Manner #4: Blessing the Food, Saying Grace, or Whatever You Want to Call It
Background: We start each meal with a blessing on the food. And if I forget, one of my children surely reminds me. It is an opportunity to express gratitude for the meal before us. Now you may or may not say grace regularly, if at all, but chances are you will visit someone for dinner that does – especially on Thanksgiving. Our kids will be more confident and comfortable if they know what to do in different situations.
Attention Getter: My husband said the prayer for dinner. (He was prepped before hand). In a serious voice he said, “Rub a dub dub- thanks for the grub. Amen.” I wish I had a picture of my kid’s eyes as soon as the prayer was finished. It was a mix of confusion, shock, bewilderment and humor. It was completely silent for a moment as they tried to figure out what the honk was happening. A few giggles emerged and then when we (the parents) lost it, they knew it was a joke. I told them tonight we would talk about saying prayer over meals.
Manner: We discussed the tradition of grace at meal time and how every home does it differently. The first manner to remember is- don’t eat until after the prayer is said (I love this lesson in delaying gratification). Second, if you are the one saying grace make sure everyone is ready before you begin. I had to cover this because sometimes my hungriest kid (take a guess) will just start praying over the top of everyone while they are still gathering so he (you guessed it) can eat. Lastly, participate in prayer. In our home it is standard to fold your arms, close your eyes, and bow your head. During the prayer, stay quiet and say “Amen” at the end. Now some families stand; some sit. Some hold hands, some fold their arms. Some repeat a standard prayer; some just talk to God. Whatever the custom, just be respectful and quiet and follow the hosts lead. This doesn’t mean you agree or are compromising your own beliefs.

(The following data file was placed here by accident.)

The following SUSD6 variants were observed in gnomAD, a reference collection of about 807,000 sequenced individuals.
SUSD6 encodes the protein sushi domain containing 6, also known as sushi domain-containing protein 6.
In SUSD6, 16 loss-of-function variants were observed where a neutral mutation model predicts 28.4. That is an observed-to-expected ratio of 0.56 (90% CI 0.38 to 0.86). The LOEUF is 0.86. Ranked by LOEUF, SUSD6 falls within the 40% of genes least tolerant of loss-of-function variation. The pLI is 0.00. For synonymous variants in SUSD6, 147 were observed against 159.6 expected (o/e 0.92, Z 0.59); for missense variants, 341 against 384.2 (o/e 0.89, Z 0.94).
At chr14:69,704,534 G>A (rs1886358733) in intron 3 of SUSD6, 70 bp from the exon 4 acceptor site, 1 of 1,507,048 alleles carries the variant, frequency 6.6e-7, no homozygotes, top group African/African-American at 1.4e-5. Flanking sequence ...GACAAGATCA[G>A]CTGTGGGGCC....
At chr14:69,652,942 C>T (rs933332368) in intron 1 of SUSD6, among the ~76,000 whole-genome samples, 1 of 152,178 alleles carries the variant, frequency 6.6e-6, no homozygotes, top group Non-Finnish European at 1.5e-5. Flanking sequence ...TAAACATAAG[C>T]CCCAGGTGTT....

Why?: It is merely showing respect for others beliefs. I remember being at a friend’s Bat Mitzvah where we read, chanted and sang Jewish scripture. I am not Jewish and I certainly wasn’t comfortable. (I don’t sing well, let alone in another language). But I did it anyway as a gesture of acceptance, tolerance, and respect. We give people the same respect we would like them to give us if they were in our home.
(Remember, after the prayer is said, you put your napkin on your lap. If grace is not given than watch the host’s lead for when she puts the napkin in her lap.)
Practice: Since we say prayers for every meal, we get to practice this manner a lot. But we still have to work on closing eyes and waiting for the those at the table to be ready. We came up with this poem to cue us: “Fold your arms, bow your head, close your eyes, while the prayer is said.” This prompts everyone to get ready. We started over more than once and inappropriate requests like “Bless my buttox” still made it in to some prayers. (But hey, if she were closing her eyes while she said it, we are making progress.)
Follow-Up: After dinner we did a gratitude activity. This was to help us remember all the things for which we have to be grateful. It also gave us lots of ideas for things to mention in our prayers since my son was resorting to “Thank thee for everything.” This was his way of covering it all but getting to eat faster. (I gotta commend his efficiency- a boy after my own heart). We drew letter cards and had to think of something that we were grateful for that started with that letter. It was a perfect way to start off the week of Thanks–giving.This leaf garland from Pebbles in My Pocket is what I wanted to do for my gratitude extension activity but I ran out of time (imagine that). Maybe you will have the time to try it.